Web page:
• We are one of the lowest taxing developed nations in the world. Moreover, the top marginal rate doesn’t kick in until $180k. I fail to see how this is unreasonable.

      That said, I would be happy to see marginal tax rates cut if concessions were wound back.

      • The contribution cap at $25,000 makes it impossible at my age to make adequate provision for retirement. You cannot ignore the GST because it is paid by the person who does the work. The real difference at the highest marginal rate is between 25% and 55%. A $7500 benefit is not much to retire on…

        Dare I say UE what is the point. Not everyone is a politician or a public servant.

      • Fitzroy, are you saying if there was no Cap, you would funnel the majority of your daily income into super, to pay less tax and reap the benefits of a tax free lump sum withdrawal at some near future time ?

      • AM, I am saying that the benefits to me of super are so small that they are insignificant as I am unable to build up sufficient funds later in life. The only real tax refuge I have is NG. No lump sum if not enough money in the trust. The best thing for me to do is to work less, earn less and live longer. The cap for a 58 year old providing for himself makes the whole exercise pointless. Better to be Stephen Conroy…

  4. The methods by which more tax can be confiscated from people knows no bounds, as we see here.Whole industries and large parts of the Media make their daily bread from that most negative premise. If only such efforts were put into expounding the appalling waste in Govt spending, perhaps the need for ever increasing Govt “revenues” could be reduced. Living within one’s means is entirely repugnant to those who make a living off the Other People’s Money gravy train.

    • “expounding the appalling waste in Govt spending, perhaps the need for ever increasing Govt “revenues” could be reduced”

      I take it you are referring to the main creators of Australia’s structural deficit: the Howard Government?

      • Not necessarily. Are you ignoring the obvious waste (again) in such things as an out of control growth of Govt, the CT, Green scheme failures, Welfare rorting, deliberate double functioning, the Grants scams, the compliance industry, Aid to corrupt foreign Govts – all of the aforesaid by the worst Govt in our history – Rudd/Gillard/Rudd? Are you ignoring the hundreds of promises of a Surplus – obviously the Left’s policy – that were deliberately misleading?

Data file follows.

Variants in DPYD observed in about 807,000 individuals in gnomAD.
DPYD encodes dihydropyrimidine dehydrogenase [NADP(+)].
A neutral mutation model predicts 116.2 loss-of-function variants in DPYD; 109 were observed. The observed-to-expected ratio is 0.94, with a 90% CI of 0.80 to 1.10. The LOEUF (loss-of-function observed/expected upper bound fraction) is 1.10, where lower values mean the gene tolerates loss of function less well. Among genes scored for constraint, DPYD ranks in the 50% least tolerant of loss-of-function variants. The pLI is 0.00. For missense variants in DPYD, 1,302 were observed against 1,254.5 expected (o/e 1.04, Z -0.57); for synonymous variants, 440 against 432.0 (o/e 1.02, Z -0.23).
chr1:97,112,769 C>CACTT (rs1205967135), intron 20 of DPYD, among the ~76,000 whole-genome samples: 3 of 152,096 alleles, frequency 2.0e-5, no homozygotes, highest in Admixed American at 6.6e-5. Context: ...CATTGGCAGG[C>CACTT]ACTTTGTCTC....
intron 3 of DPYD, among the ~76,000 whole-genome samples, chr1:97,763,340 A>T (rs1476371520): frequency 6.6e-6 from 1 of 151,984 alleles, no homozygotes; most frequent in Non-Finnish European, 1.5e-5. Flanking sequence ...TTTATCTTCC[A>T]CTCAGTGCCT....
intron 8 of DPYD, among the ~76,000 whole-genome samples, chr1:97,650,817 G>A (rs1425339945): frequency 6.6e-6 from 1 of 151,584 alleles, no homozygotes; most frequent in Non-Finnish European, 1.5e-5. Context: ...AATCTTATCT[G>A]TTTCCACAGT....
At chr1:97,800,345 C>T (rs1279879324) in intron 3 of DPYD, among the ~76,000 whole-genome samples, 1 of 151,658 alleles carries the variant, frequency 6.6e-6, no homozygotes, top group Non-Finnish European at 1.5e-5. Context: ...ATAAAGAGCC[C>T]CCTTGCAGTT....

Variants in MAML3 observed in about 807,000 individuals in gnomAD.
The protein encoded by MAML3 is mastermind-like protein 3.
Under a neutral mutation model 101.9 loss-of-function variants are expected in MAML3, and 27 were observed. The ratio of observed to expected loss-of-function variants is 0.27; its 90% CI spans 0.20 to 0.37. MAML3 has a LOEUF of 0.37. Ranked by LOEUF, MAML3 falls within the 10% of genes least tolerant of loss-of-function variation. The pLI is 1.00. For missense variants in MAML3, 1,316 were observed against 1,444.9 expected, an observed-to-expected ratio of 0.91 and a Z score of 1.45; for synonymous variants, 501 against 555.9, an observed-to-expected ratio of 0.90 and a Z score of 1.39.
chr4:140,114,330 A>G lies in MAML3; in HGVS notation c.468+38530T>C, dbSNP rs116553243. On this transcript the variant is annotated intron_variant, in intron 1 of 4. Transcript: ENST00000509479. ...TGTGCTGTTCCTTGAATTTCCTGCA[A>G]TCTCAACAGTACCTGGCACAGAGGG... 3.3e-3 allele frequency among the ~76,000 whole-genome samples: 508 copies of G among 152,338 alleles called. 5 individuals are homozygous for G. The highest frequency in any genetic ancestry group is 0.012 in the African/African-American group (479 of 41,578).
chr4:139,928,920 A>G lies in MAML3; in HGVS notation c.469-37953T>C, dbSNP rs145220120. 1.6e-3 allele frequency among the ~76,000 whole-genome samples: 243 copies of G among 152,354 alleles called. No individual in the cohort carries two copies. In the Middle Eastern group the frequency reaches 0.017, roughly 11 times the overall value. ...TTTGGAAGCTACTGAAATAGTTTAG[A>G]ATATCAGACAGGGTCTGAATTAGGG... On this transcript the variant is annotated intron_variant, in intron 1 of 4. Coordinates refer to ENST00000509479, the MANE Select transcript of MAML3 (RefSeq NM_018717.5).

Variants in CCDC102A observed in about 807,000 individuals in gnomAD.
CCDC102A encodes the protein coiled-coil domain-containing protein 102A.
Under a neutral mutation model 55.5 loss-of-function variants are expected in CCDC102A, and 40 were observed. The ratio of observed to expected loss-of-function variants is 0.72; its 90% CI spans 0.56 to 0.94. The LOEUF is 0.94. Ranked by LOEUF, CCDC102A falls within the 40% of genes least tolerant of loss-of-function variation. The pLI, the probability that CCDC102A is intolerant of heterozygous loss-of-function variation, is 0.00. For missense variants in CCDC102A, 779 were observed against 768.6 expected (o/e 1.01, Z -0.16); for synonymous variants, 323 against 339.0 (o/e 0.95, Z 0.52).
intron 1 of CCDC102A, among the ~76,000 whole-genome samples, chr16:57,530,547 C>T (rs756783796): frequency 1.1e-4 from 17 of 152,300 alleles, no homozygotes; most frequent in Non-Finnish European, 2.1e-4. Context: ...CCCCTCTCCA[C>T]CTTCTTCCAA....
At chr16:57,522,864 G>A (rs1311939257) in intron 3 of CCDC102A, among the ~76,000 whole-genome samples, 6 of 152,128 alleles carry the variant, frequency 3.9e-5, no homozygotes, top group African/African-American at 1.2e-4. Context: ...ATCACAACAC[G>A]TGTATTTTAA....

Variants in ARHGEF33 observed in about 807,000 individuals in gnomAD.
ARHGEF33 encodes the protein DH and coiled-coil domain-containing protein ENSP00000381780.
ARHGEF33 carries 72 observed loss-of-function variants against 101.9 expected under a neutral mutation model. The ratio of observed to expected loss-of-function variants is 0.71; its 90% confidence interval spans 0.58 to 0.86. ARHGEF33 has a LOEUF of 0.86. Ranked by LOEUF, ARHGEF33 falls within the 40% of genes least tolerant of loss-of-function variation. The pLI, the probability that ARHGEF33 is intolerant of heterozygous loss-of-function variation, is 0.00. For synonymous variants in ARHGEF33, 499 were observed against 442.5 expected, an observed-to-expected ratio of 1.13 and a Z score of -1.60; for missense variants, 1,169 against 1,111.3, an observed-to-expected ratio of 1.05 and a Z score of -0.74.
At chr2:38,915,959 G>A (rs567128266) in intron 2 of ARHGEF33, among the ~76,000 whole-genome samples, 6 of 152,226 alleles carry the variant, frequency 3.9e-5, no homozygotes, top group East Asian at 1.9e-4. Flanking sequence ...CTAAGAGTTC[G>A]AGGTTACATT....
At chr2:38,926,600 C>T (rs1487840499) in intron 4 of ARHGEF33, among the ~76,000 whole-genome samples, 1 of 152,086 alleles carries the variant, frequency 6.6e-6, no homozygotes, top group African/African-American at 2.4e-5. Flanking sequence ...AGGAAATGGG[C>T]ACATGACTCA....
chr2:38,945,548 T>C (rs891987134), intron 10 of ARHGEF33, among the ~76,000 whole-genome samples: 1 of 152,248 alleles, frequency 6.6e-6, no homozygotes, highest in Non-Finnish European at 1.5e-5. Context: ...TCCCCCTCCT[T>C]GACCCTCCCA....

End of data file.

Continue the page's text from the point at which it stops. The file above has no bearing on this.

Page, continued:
How about some balance UE? Surely you are not for a minute suggesting that the debacle of Leftist Govt we are recovering from was better than Howard’s economic management?

  5. This shouldn’t really come as a surprise. An abbot govt was always a right wing self serving, govern for the rich and rent seeker party. Those groups after all are the ones that fund the abbot govt coffers. Note i make the distinction of an “Abbot” govt as opposed to a liberal govt because i do believe there are some liberals who would make good governance. They just dont have any say in an Abbot govt. Have to hand it to tony. He kept the right wing tea party salivating rabid right wing nut jobs under control during the election, all they had to do was keep quiet and play on the disaffected labour sentiment and wait for labour to self destruct at the election and they got exactly what they expected. Now the right wing who feel they have the right to rule us, are able to reimburse their masters for their electoral largesse.